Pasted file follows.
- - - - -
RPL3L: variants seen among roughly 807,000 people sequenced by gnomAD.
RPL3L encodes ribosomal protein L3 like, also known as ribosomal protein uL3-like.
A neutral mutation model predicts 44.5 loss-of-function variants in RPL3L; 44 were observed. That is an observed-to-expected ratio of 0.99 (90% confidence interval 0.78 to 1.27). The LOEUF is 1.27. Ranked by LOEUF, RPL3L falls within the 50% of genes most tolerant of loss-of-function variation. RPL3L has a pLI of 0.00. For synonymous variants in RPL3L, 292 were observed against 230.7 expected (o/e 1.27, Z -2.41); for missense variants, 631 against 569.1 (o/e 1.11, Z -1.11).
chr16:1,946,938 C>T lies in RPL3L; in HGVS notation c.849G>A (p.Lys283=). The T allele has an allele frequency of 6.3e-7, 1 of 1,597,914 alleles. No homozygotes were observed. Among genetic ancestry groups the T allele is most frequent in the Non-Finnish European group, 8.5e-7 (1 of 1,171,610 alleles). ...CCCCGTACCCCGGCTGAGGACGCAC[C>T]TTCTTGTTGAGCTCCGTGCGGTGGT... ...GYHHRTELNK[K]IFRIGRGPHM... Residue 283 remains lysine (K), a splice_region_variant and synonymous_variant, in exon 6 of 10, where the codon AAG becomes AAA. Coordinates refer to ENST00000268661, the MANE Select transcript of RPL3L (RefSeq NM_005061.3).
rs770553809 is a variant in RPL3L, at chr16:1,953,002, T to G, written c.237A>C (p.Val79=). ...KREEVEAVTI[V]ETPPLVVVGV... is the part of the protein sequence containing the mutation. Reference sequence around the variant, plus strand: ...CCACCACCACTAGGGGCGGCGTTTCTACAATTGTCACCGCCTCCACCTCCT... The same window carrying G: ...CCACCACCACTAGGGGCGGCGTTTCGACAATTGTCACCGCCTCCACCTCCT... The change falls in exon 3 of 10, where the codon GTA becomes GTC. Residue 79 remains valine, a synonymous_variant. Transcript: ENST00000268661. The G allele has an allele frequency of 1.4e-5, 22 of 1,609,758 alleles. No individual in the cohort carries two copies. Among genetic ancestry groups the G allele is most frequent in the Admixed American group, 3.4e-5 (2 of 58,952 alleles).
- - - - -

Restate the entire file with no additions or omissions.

RPL3L: variants seen among roughly 807,000 people sequenced by gnomAD.
RPL3L encodes ribosomal protein L3 like, also known as ribosomal protein uL3-like.
A neutral mutation model predicts 44.5 loss-of-function variants in RPL3L; 44 were observed. That is an observed-to-expected ratio of 0.99 (90% confidence interval 0.78 to 1.27). The LOEUF is 1.27. Ranked by LOEUF, RPL3L falls within the 50% of genes most tolerant of loss-of-function variation. RPL3L has a pLI of 0.00. For synonymous variants in RPL3L, 292 were observed against 230.7 expected (o/e 1.27, Z -2.41); for missense variants, 631 against 569.1 (o/e 1.11, Z -1.11).
chr16:1,946,938 C>T lies in RPL3L; in HGVS notation c.849G>A (p.Lys283=). The T allele has an allele frequency of 6.3e-7, 1 of 1,597,914 alleles. No homozygotes were observed. Among genetic ancestry groups the T allele is most frequent in the Non-Finnish European group, 8.5e-7 (1 of 1,171,610 alleles). ...CCCCGTACCCCGGCTGAGGACGCAC[C>T]TTCTTGTTGAGCTCCGTGCGGTGGT... ...GYHHRTELNK[K]IFRIGRGPHM... Residue 283 remains lysine (K), a splice_region_variant and synonymous_variant, in exon 6 of 10, where the codon AAG becomes AAA. Coordinates refer to ENST00000268661, the MANE Select transcript of RPL3L (RefSeq NM_005061.3).
rs770553809 is a variant in RPL3L, at chr16:1,953,002, T to G, written c.237A>C (p.Val79=). ...KREEVEAVTI[V]ETPPLVVVGV... is the part of the protein sequence containing the mutation. Reference sequence around the variant, plus strand: ...CCACCACCACTAGGGGCGGCGTTTCTACAATTGTCACCGCCTCCACCTCCT... The same window carrying G: ...CCACCACCACTAGGGGCGGCGTTTCGACAATTGTCACCGCCTCCACCTCCT... The change falls in exon 3 of 10, where the codon GTA becomes GTC. Residue 79 remains valine, a synonymous_variant. Transcript: ENST00000268661. The G allele has an allele frequency of 1.4e-5, 22 of 1,609,758 alleles. No individual in the cohort carries two copies. Among genetic ancestry groups the G allele is most frequent in the Admixed American group, 3.4e-5 (2 of 58,952 alleles).